Own your residence free and clear. When your paycheck becomes a relic of the past, you'll want your housing costs to join it into oblivion. This means that you must own your home with no mortgage. It's easily accomplished. Early in your life purchase a house with whatever down payment you can afford. Choose a long-term, fixed-rate, fully amortized mortgage, and make the regular monthly payments until it's paid in full. As the years pass and your equity grows, avoid any temptation to dip into it for such things as schooling for the kids, the long-awaited vacation you've always wanted, or the surefire investment that your brother-in-law guarantees will put you on easy street. Consider the home a sacrosanct element of your retirement years, not to be further encumbered or compromised in any manner.
Set up your rainy day account. Regardless of however else you choose to spend your money over a lifetime, one thing must take precedence: As quickly as possible open a self-directed Roth IRA, and if married, another for your spouse. During each of your working years you will contribute the maximum allowable amounts into these accounts — $4,000 in 2005 through 2007, increasing each year thereafter. They should be opened with a large discount brokerage like Schwab, into which will go interest-bearing vehicles as the sole holdings. These will be guilt-edge securities such as U.S. treasury notes and bonds, FDIC-insured certificates of deposits, money market accounts, and perhaps high-grade corporate bonds if you're willing to take the time to consider them. The benefits you derive are twofold: You will reap the rewards of compound interest — the closest thing to magic you'll ever see — and all earnings will be entirely tax-free. If started early enough in life, such an account may well accumulate a million dollars.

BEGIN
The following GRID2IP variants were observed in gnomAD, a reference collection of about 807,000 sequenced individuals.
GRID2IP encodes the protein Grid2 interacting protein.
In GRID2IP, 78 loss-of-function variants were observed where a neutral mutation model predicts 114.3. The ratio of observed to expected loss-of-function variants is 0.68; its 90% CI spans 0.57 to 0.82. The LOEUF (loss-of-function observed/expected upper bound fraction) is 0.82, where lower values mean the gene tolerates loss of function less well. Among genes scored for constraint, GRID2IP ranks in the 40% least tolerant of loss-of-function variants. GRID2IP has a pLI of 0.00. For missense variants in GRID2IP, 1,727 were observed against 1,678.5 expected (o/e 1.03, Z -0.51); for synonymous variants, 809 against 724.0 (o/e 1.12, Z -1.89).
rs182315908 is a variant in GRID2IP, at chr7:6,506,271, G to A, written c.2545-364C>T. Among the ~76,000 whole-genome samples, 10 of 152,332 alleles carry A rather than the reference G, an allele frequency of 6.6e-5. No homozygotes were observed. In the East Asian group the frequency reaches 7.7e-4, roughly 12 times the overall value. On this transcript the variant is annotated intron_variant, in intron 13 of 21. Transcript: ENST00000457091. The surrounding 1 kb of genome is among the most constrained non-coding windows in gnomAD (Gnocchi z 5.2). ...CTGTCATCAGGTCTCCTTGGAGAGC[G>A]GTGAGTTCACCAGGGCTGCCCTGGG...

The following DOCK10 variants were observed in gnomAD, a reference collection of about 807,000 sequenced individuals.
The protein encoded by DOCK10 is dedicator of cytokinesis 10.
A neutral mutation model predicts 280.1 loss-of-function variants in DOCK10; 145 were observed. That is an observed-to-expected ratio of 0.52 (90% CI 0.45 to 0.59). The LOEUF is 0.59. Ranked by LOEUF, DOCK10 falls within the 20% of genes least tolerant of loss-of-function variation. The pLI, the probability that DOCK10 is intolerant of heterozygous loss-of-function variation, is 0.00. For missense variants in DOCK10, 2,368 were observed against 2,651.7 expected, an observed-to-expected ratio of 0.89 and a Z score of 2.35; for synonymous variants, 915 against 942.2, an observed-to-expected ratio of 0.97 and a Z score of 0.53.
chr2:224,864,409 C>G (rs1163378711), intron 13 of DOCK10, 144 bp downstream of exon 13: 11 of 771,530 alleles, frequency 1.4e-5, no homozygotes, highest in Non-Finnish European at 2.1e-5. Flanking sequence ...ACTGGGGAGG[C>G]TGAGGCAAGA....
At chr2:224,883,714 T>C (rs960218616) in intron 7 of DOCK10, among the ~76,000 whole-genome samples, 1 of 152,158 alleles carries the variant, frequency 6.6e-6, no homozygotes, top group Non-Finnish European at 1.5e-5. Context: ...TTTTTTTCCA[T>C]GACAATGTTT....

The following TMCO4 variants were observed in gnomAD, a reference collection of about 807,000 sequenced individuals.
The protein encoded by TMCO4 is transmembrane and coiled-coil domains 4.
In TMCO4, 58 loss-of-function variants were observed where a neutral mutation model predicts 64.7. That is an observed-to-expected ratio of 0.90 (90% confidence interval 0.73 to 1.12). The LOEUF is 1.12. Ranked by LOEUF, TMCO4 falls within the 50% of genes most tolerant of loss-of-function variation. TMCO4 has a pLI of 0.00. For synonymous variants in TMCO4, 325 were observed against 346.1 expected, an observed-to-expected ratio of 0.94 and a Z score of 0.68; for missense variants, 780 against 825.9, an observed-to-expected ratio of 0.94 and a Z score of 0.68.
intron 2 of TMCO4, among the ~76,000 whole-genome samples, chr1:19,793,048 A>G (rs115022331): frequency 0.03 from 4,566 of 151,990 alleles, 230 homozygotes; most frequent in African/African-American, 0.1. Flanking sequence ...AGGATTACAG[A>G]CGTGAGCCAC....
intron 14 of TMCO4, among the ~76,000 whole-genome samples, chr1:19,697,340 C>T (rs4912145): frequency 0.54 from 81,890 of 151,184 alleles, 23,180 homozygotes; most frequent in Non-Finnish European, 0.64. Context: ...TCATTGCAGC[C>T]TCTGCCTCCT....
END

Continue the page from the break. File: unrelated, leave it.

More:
Let me sum it up. If you follow the three-point program I've just outlined, you will enter your post-working years satisfactorily. Though you'll not retire in grand style, able to tour the world on your private yacht or bask in the limelight as a celebrated patron of the arts, at least you'll not be dependent upon family or government for your daily sustenance. It's an acceptable conclusion; most people in this world fare far worse.
Al Jacobs has been a professional investor for nearly four decades. His business experience ranges from real estate, mortgage, and securities investment to appraisal, civil engineering, and the operation of a private trust company. In addition to managing his investments on a day-to-day basis, he is a featured financial columnist for both online and print publications. He is the author of Nobody's Fool: A Skeptic's Guide to Prosperity. You may subscribe to his financial Newsletter, "On the Money Trail," at no cost or obligation, by visiting http://www.onthemoneytrail.com/.